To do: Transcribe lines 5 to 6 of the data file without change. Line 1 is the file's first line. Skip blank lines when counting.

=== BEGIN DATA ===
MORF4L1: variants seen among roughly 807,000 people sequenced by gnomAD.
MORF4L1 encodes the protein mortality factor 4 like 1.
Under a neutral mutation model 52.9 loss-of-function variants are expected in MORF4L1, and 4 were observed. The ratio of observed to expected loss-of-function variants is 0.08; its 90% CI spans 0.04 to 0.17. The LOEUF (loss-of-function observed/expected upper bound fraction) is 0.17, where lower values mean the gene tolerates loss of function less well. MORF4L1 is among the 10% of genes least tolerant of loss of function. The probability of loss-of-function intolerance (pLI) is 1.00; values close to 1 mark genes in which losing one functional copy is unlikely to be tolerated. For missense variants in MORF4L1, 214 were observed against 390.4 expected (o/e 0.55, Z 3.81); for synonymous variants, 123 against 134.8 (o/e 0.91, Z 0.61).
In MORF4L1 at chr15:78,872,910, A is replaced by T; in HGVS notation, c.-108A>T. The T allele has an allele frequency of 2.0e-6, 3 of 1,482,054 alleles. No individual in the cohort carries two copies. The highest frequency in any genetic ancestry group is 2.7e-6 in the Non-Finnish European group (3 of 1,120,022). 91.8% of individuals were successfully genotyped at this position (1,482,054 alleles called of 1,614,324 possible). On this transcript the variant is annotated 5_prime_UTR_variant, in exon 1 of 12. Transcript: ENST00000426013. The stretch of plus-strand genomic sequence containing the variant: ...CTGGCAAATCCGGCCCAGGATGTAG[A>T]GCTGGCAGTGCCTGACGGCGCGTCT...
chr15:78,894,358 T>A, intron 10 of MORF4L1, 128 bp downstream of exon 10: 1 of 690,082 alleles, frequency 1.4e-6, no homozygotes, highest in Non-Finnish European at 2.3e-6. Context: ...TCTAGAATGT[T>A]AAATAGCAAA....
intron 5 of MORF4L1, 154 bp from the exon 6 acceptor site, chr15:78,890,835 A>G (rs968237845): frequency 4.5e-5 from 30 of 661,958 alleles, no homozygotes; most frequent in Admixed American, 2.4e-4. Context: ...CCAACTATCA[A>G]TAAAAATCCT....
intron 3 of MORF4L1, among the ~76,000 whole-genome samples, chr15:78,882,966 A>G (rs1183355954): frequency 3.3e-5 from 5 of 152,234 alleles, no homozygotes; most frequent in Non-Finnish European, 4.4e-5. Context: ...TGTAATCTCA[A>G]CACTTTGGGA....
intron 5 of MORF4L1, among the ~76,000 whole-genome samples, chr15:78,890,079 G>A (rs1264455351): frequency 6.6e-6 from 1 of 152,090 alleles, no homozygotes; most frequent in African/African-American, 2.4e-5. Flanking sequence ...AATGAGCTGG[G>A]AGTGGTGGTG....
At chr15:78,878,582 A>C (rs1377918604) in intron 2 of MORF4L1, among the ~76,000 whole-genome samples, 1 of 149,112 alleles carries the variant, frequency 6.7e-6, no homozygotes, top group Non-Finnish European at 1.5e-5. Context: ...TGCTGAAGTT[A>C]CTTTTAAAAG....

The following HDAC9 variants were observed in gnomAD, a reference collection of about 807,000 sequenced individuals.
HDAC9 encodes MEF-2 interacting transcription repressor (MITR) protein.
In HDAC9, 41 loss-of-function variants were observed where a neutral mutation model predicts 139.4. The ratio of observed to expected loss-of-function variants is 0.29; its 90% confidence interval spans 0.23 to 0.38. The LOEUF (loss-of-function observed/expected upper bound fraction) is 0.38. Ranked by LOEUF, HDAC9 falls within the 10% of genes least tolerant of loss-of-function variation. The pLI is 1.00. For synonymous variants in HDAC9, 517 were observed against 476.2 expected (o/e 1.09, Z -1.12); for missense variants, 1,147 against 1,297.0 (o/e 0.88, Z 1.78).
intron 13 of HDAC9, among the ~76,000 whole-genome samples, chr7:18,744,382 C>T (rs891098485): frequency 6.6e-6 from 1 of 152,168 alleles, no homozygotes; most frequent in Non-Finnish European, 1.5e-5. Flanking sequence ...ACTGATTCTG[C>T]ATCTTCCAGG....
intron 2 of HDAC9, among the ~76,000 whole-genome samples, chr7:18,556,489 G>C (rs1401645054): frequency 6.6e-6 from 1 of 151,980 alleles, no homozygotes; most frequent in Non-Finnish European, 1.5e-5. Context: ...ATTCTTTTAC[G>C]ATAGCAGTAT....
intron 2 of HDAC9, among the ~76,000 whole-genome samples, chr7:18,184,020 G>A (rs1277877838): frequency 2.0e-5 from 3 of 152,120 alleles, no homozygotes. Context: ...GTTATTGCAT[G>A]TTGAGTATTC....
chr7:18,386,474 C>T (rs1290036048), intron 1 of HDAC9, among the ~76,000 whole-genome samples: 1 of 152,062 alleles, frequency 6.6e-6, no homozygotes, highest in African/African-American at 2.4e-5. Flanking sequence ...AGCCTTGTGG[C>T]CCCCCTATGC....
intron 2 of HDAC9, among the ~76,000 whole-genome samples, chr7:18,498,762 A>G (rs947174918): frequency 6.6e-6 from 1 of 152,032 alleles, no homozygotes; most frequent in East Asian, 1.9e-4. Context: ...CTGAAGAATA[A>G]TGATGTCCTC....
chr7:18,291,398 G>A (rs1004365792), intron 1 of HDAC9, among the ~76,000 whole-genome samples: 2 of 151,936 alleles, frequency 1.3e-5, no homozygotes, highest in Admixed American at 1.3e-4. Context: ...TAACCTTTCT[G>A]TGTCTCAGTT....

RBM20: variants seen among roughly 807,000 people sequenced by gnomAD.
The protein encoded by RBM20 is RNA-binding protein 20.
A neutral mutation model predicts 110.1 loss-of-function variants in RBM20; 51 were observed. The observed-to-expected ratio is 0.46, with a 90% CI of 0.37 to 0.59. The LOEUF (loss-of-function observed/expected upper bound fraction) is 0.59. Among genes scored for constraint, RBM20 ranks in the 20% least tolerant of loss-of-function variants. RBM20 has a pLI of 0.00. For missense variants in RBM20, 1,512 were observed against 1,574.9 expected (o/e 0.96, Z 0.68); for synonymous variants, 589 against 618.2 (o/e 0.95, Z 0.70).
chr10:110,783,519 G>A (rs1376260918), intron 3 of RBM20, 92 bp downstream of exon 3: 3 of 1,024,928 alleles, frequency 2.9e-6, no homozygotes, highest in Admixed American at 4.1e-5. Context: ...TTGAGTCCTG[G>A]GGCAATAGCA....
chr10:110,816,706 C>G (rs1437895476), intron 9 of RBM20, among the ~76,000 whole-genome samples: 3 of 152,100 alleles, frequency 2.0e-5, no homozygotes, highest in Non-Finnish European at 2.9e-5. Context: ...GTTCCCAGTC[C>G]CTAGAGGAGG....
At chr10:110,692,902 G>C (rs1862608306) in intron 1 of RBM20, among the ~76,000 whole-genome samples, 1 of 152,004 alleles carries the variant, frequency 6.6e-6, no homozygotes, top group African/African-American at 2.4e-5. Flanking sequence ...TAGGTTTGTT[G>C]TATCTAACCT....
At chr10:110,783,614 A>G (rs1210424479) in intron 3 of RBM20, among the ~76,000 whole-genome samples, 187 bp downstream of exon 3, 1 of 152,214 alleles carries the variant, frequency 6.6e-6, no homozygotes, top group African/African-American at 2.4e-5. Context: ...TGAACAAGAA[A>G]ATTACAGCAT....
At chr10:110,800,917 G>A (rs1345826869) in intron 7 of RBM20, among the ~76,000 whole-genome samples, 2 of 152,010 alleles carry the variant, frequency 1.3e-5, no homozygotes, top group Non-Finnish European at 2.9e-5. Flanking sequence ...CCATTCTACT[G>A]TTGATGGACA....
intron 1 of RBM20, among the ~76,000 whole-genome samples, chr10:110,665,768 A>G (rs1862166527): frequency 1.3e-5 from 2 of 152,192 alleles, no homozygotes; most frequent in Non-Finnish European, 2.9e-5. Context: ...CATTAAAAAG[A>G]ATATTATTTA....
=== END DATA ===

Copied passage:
chr15:78,894,358 T>A, intron 10 of MORF4L1, 128 bp downstream of exon 10: 1 of 690,082 alleles, frequency 1.4e-6, no homozygotes, highest in Non-Finnish European at 2.3e-6. Context: ...TCTAGAATGT[T>A]AAATAGCAAA....
intron 5 of MORF4L1, 154 bp from the exon 6 acceptor site, chr15:78,890,835 A>G (rs968237845): frequency 4.5e-5 from 30 of 661,958 alleles, no homozygotes; most frequent in Admixed American, 2.4e-4. Context: ...CCAACTATCA[A>G]TAAAAATCCT....